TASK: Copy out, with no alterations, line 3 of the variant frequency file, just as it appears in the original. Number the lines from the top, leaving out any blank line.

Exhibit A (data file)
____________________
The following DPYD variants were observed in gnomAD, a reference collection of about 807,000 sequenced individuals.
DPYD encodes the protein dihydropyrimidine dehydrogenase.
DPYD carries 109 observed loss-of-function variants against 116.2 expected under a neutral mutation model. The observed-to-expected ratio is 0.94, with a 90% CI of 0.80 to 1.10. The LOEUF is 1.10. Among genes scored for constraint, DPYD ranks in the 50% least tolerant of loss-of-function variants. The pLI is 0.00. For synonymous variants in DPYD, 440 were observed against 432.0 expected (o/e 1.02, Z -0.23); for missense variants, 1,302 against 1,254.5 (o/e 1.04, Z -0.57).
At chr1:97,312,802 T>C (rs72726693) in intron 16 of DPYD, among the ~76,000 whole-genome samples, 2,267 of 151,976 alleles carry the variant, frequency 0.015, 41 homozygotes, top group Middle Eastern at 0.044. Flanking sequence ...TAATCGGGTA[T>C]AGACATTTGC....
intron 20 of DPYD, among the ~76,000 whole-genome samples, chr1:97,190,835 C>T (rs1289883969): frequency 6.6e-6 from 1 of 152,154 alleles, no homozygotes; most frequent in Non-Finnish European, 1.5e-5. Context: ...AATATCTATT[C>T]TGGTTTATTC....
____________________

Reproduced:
DPYD carries 109 observed loss-of-function variants against 116.2 expected under a neutral mutation model. The observed-to-expected ratio is 0.94, with a 90% CI of 0.80 to 1.10. The LOEUF is 1.10. Among genes scored for constraint, DPYD ranks in the 50% least tolerant of loss-of-function variants. The pLI is 0.00. For synonymous variants in DPYD, 440 were observed against 432.0 expected (o/e 1.02, Z -0.23); for missense variants, 1,302 against 1,254.5 (o/e 1.04, Z -0.57).